Sam Kerr injured; misses Australia’s Women’s World Cup openers

SYDNEY — Fate had to be funny. Fate must have lost the wavering mind it generally has. What a louse, fate.

Three years of build-up since Australia co-hosted the World Cup, three years of anticipating the Matildas and their super-duper star, Sam Kerr, to shine at home, three years of going straight to the pinnacle of beauty, and then about 75 minutes before kick-off there’s this announcement that Sam Kerr can’t play? Twenty-three years after 114,714 in Stadium Australia sang “Waltzing Matilda” to end an almost unprecedented Summer Olympics, now the same stadium is starting to fill with 75,784 for its greatest global moment since, and Sam Kerr suffered a calf injury in training the day before and will miss at least the first two World Cup matches?

Fate goes against the nation that arguably loves sports the most.

Okay, it’s not really that debatable.

“And for her as a person,” Steph Catley, who replaced the 29-year-old Kerr as captain on Thursday night against Ireland, “we were absolutely devastated.” Then: “We had to pull ourselves together pretty quickly.” They rallied for a messy 1-0 drubbing of a more than creditable Ireland with some real buzz near the great relief of a whistle. They did with Catley’s 52nd-minute penalty, the first penalty the 29-year-old has taken in 11 years with the Matildas. They did it with just enough grit, without the pitch space usually afforded them Kerr’s dynamic presence and with Kerr as “our spiritual leader”, as Catley put it.

It’s just that no one really wants to go to the big stadium with its big noise to see her lead spiritually.

Of course, this is nothing against her spiritual leadership.

Here’s how it went: Kerr and manager Tony Gustavsson sat through a news conference Wednesday, aware of the cursed calf, but revealed nothing and signaled no distress. Call it skillful acting. Gustavsson et al waited until Wednesday night for confirmation of what was going on with that calf, then Kerr told his teammates: “This isn’t about me; this is about you; this is about the team that’s playing tomorrow night.” Then the Matildas made their announcement near kickoff. “When did we find out?” Ireland manager Vera Pauw said. “When we got the match schedule.”

It showed Kerr, the one with the 120 international matches and 63 goals (the most ever for a Matilda) and the one whom trained eyes call the world’s best striker, among the substitutes. It all came a day after Kerr coincidentally said at the press conference, “I think the expectations have kind of started [past] four years.” Now her teammates warmed up as she stood on the sidelines watching and chewing gum, appearing on the big screen at several points, including one just as the public address system played Calvin Harris and Rihanna’s “This Is What You Came For.” At one point in the pregame, a camera panned toward Kerr, and she saw it and gave a smile and a thumbs up. Kerr’s absence will continue into the next game, against Nigeria, and as for the next one, against Canada, Gustavsson couldn’t answer that for sure, even as he asked reporters for understanding about his situation on Wednesday.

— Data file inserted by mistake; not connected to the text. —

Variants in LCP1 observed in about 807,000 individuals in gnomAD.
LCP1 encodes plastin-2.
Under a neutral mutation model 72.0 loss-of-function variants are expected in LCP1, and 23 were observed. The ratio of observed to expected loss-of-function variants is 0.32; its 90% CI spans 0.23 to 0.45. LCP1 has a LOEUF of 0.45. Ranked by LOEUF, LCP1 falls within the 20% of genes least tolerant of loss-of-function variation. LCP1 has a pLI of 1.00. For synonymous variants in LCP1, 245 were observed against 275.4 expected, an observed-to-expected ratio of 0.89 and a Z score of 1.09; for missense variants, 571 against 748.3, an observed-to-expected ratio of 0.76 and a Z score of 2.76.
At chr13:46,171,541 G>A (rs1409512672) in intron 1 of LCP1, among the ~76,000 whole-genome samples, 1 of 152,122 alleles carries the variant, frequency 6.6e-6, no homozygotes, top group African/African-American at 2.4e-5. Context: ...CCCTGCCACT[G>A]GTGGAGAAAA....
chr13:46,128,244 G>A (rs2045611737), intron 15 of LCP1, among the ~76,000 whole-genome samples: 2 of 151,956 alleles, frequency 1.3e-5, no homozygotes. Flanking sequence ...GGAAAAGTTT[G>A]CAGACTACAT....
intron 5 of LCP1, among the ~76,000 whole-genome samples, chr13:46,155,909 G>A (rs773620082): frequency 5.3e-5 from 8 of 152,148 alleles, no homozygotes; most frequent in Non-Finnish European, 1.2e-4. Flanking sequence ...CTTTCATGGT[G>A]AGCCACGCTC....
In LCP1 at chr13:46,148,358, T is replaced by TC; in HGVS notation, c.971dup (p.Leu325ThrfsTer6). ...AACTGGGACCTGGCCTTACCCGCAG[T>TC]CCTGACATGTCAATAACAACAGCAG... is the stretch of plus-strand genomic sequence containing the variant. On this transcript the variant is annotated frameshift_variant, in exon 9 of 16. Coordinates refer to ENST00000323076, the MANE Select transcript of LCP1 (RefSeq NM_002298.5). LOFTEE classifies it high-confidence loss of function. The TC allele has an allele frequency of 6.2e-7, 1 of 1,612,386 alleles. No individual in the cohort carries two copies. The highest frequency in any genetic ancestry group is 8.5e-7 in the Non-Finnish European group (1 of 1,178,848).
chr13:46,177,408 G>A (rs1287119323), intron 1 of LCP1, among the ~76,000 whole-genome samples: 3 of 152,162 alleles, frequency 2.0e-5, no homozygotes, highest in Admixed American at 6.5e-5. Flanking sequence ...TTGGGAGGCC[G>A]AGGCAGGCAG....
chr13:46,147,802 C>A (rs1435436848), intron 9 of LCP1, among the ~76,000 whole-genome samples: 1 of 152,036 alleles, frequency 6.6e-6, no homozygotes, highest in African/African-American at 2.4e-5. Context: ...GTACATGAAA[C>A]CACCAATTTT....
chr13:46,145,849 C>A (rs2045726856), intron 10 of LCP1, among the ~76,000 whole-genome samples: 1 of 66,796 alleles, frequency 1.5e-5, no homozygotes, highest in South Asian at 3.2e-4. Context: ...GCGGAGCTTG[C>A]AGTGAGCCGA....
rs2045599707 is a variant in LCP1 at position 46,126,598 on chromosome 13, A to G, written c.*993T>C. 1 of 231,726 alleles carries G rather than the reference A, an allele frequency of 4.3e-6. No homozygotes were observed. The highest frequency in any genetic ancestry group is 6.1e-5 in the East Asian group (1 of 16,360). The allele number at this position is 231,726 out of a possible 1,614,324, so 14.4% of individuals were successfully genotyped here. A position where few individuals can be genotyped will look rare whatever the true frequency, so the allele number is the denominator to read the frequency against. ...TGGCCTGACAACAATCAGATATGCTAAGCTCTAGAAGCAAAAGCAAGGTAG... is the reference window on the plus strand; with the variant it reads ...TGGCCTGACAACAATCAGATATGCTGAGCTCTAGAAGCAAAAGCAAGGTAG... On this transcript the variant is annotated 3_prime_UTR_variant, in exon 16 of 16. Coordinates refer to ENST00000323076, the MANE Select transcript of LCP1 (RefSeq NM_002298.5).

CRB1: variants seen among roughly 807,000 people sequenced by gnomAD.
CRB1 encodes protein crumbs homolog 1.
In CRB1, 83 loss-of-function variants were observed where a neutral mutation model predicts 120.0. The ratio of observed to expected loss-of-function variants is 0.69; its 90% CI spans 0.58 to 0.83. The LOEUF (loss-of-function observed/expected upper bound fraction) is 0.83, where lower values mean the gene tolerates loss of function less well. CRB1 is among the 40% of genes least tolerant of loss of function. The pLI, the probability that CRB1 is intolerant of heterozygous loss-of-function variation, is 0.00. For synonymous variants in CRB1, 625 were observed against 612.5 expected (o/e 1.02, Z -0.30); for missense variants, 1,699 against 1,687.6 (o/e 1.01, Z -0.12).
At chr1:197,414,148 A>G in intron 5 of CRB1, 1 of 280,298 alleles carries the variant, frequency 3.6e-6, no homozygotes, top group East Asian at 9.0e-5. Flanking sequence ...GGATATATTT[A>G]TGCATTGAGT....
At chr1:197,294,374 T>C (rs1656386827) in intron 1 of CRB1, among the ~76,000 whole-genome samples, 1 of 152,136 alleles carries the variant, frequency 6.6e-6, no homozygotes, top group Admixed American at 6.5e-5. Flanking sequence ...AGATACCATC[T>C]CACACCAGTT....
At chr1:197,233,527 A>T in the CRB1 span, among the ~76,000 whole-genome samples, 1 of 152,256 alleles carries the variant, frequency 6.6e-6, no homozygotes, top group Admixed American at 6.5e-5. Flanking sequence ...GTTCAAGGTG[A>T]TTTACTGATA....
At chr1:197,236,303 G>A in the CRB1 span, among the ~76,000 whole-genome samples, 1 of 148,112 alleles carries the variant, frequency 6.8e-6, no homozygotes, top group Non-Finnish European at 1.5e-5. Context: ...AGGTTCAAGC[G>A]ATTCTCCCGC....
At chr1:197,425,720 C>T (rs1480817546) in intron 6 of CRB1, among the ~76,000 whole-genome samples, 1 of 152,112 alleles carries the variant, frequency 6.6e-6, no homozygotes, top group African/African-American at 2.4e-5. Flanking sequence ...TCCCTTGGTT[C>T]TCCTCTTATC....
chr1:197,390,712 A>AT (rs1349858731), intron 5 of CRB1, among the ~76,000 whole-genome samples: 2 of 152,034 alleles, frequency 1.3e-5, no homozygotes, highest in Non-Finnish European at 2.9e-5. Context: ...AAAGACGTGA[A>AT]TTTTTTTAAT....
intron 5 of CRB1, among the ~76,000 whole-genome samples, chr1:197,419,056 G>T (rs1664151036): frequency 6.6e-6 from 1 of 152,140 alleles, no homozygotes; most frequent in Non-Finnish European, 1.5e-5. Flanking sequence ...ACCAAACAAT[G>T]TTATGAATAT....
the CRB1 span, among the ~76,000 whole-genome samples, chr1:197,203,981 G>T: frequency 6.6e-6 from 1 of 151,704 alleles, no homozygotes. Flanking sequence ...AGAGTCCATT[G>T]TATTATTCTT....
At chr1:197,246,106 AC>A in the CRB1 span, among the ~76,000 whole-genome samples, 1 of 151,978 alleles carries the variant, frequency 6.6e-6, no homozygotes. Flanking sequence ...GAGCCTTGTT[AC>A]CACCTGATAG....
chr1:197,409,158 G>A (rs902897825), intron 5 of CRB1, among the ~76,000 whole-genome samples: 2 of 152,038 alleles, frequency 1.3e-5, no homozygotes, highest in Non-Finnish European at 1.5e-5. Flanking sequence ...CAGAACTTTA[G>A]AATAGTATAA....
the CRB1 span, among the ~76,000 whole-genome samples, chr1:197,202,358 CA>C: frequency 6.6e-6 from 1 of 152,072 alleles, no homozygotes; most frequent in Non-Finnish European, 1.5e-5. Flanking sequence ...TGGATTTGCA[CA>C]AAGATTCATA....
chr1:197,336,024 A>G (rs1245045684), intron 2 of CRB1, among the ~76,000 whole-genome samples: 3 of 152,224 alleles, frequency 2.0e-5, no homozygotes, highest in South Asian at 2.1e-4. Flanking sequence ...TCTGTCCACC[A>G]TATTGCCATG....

“Two games and then we’ll reassess afterwards,” he said, “and that tells you a bit about the character [of injury] it is.”

His team still had what Pauw accurately called “powerful” and “strong” and “attacking” players, but her team’s defense struggled noticeably. “I think it was a game where a point could have come our way,” Pauw said. “I’m really proud. The game plan worked. They couldn’t do what they wanted.” The Girls in Green, meanwhile, were “ready for this level” – in Ireland’s first Women’s World Cup – “and I’m just very, very proud.” Ireland “were going for a result,” she said shortly afterwards, “not just to be here part of a great tournament in Australia.”

How eight countries, including Ireland, beat the odds to make their first Women’s World Cup

It didn’t come to fruition, due to a sequence early in the second half after Australia had begun to look as if it had settled from its unthreatening first half and found some composure and patience. Kyra Cooney-Cross, a 21-year-old who got the nod when she flourished, sent a ball from about 35 yards towards the box, and although the ball didn’t look too promising, it seemed to cause alarm down below. Irish midfielder Marissa Sheva ended up shoving Australian forward Hayley Raso from behind, and Raso sprawled on her front side, asking for the referee’s acknowledgment of her distress.

The award came and Catley stood over the ball for the penalty because “I’m usually up there if Sam doesn’t want to take it for whatever reason,” she explained helpfully later, after left-footing the penalty into the top left corner and then running madly up the pitch as her teammates and their fans seemed to feel something akin to relief. “I can see why strikers are strikers,” Catley said, “because that adrenaline rush is like nothing else.”

As Ireland switched strikes to attack, they began to throw defenders and cause tension, just as Australia began to lose possessions and feel the tension. In the 71st minute, Ireland’s Katie McCabe curled into a corner so good and scary that goalkeeper Mackenzie Arnold had to dive to clear it. In the 90th minute after a foul, Ireland’s Megan Connolly curled a free-kick from the top of the box which just barely slipped onto the roof of the net. And in seven minutes of added time, Ireland looked the fresher of the two with various threats allowing Pauw to say: “Until the last second we were able to put them under pressure.”

Australia had won in a game without its remarkable flair, Gustavsson said, because they had learned to win in grinds. Now it looks like its bid to surpass its best World Cup finish (quarter-finals, three times) could feature a number of grinds. What a cruel fate for the eyeballs suddenly stuck in moans of laughter instead of Kerr’s wonder.

Leave a Comment